Posted inArt

Languages of Devotion: Basil King’s Life in Art

One day in 1965, as he was walking by St. Mark’s Church in New York’s East Village, Basil King came to a dreadful realization. “You’re a painter,” he told himself, “who’s never been.”

The verdict, which he relates in Learning to Draw / A History (Skylight Press, 2011), was, of course, wrongheaded. King had been making art since he was a boy. Still, he brought it up again during my visit to his brownstone in Brooklyn, where he and his wife, the writer Martha King, have lived since moving from Manhattan in 1969.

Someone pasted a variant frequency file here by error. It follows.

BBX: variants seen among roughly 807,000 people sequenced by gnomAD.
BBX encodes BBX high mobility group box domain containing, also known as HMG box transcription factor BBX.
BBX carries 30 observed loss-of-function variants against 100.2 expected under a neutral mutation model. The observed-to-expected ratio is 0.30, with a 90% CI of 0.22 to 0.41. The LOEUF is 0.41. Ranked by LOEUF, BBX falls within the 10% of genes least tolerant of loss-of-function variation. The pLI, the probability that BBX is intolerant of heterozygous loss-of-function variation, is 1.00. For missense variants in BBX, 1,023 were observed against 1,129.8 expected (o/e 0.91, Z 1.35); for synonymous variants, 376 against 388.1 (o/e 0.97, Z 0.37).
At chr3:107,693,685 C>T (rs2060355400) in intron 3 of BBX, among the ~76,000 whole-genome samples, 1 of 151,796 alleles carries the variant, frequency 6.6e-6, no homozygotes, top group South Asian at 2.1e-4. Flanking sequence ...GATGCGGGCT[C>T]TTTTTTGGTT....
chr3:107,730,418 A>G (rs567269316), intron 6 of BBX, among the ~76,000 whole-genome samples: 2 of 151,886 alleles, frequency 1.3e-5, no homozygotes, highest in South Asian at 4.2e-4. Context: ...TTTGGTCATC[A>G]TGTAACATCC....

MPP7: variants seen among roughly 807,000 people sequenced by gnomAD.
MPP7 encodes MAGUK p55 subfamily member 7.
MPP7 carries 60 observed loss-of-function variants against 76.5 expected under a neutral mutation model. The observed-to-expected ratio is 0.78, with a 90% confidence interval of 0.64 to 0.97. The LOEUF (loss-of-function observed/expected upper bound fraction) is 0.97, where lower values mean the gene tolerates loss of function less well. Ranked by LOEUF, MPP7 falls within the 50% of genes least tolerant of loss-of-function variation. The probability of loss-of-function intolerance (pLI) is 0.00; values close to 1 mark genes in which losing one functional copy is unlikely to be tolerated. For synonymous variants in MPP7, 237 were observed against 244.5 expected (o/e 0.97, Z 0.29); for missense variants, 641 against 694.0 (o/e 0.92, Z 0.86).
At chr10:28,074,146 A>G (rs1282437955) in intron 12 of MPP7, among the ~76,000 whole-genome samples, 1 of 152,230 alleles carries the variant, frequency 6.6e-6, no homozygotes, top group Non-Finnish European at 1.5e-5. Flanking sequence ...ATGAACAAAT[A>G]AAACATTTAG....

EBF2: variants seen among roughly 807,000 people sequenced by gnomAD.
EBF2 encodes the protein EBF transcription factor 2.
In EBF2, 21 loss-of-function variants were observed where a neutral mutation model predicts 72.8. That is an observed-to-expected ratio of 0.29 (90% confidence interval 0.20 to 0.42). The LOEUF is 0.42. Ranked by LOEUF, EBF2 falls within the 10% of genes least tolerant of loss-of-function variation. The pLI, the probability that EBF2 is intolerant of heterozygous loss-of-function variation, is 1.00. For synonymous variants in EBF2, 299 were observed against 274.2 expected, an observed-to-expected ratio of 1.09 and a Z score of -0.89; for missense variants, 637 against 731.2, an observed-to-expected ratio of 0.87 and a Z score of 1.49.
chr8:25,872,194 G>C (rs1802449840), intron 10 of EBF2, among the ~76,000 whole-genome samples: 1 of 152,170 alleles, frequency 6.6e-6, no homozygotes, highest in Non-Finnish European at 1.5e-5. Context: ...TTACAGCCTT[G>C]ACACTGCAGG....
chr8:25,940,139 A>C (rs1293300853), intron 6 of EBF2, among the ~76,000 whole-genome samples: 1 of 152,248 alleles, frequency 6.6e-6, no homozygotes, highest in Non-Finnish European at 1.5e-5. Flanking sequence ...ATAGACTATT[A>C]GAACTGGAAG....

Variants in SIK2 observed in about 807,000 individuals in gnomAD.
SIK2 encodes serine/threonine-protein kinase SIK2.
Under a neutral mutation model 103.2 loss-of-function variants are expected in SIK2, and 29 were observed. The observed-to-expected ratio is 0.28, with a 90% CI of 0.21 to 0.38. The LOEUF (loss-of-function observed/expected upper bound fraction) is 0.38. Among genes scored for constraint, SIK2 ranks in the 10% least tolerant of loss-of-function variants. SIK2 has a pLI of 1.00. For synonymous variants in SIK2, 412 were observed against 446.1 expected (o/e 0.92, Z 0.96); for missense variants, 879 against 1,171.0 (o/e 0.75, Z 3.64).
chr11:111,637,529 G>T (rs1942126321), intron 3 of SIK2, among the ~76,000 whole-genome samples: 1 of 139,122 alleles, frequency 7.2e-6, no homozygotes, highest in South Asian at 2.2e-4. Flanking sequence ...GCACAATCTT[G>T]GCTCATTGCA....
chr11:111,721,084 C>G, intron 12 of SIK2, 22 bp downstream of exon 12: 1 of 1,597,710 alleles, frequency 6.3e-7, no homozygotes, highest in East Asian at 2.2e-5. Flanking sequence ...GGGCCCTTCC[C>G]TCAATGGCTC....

Posted inArt

Painting at the Speed of Sight: Franz Kline’s Rapid Transit

On leaving the recently closed exhibition, Franz Kline: Coal and Steel at Baruch College’s Sidney Mishkin Gallery, I wasn’t thinking of the remarkable range of work on display. Instead, I kept dwelling on a small ink painting doubly named by Kline “Untitled-Locomotive” (ca. 1945-1947). It was one of a series of very small works with a private warmth that called to mind Van Gogh’s letter sketches. But that wasn’t the only reason why I remembered it.